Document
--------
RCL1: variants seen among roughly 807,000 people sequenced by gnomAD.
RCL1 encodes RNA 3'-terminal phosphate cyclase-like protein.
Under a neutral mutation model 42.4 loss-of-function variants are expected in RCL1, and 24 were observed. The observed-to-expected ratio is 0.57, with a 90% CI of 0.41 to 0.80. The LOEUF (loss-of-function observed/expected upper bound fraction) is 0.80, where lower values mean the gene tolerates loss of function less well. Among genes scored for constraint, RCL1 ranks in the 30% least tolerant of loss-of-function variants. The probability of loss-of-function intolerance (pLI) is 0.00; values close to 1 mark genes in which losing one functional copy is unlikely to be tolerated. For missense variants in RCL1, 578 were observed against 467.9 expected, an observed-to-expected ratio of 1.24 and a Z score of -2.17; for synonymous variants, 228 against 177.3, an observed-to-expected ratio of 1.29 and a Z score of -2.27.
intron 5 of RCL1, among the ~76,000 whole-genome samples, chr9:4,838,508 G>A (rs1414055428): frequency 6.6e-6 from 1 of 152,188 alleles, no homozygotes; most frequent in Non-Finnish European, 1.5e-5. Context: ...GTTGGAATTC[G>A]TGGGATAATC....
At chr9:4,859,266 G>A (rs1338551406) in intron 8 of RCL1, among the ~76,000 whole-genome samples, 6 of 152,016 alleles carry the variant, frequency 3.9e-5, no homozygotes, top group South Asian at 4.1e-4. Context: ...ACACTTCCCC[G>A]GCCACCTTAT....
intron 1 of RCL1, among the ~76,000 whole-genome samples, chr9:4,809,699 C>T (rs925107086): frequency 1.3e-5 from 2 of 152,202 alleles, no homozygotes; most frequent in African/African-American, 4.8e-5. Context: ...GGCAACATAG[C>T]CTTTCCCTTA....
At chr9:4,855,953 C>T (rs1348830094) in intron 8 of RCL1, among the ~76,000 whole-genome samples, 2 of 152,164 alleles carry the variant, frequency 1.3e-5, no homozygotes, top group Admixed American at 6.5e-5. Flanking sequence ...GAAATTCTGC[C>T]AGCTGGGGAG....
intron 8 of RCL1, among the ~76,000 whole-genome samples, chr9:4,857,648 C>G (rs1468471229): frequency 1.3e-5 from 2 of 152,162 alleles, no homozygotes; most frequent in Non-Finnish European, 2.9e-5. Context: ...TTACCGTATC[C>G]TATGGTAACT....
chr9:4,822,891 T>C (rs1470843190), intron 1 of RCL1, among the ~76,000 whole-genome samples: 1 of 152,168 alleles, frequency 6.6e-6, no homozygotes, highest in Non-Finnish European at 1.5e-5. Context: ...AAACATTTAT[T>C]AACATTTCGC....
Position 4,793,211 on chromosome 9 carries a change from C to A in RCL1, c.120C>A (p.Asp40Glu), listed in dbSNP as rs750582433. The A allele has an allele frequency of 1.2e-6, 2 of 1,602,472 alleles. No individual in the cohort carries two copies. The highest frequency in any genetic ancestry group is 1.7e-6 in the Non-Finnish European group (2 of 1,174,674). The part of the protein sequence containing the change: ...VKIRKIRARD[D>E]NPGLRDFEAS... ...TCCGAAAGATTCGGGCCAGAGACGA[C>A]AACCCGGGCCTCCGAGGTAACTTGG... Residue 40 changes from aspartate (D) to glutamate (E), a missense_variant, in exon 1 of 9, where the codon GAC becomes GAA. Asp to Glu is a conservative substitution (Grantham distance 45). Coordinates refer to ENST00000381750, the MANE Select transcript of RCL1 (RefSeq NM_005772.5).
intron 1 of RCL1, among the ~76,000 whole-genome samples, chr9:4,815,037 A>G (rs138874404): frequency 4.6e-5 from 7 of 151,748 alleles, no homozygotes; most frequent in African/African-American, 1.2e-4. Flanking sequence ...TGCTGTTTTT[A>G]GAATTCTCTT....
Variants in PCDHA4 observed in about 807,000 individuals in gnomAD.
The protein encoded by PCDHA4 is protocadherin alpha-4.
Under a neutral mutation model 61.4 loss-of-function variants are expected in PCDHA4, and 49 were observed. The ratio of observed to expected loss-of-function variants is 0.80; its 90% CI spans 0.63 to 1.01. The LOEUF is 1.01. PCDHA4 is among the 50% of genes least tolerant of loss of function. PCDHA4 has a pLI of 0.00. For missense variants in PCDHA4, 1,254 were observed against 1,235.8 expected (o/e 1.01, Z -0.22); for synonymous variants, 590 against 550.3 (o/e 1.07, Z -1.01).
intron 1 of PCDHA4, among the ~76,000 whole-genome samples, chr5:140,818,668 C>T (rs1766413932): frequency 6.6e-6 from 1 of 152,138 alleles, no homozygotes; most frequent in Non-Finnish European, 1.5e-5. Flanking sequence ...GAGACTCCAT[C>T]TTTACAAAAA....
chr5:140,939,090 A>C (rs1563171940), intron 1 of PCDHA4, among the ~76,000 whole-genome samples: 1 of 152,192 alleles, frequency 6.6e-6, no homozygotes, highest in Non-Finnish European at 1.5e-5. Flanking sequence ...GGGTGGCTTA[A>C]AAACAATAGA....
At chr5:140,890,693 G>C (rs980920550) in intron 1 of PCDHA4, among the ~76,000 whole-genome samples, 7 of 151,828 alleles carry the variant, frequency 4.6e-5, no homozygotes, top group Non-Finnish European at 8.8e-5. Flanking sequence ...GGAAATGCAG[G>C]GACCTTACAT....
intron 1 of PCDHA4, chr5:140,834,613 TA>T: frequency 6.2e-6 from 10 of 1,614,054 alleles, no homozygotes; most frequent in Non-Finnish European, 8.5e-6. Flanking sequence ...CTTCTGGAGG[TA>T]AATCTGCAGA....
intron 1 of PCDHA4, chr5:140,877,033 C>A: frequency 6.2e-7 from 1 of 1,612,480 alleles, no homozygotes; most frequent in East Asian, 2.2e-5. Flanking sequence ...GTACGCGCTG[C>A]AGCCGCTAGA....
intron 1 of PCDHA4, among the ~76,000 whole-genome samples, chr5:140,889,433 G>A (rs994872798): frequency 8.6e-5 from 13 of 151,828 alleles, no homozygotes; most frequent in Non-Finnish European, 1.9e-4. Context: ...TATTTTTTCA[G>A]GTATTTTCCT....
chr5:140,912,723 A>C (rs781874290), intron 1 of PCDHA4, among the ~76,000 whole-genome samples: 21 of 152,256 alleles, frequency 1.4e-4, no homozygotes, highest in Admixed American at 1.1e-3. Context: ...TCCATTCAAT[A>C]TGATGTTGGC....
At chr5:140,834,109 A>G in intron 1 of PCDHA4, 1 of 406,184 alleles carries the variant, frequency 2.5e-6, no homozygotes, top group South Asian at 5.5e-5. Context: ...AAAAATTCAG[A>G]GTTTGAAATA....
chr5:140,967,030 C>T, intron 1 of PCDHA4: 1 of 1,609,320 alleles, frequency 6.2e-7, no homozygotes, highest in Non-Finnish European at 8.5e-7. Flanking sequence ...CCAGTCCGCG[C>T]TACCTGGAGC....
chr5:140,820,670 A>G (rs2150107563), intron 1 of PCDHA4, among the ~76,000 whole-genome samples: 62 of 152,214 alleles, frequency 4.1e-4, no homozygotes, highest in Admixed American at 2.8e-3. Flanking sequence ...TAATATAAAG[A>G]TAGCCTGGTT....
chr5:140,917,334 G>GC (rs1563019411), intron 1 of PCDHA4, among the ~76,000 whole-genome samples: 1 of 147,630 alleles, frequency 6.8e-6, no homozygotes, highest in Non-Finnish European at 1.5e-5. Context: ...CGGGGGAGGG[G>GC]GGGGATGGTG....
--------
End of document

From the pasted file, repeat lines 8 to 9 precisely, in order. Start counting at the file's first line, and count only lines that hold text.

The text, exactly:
intron 8 of RCL1, among the ~76,000 whole-genome samples, chr9:4,857,648 C>G (rs1468471229): frequency 1.3e-5 from 2 of 152,162 alleles, no homozygotes; most frequent in Non-Finnish European, 2.9e-5. Context: ...TTACCGTATC[C>G]TATGGTAACT....
chr9:4,822,891 T>C (rs1470843190), intron 1 of RCL1, among the ~76,000 whole-genome samples: 1 of 152,168 alleles, frequency 6.6e-6, no homozygotes, highest in Non-Finnish European at 1.5e-5. Context: ...AAACATTTAT[T>C]AACATTTCGC....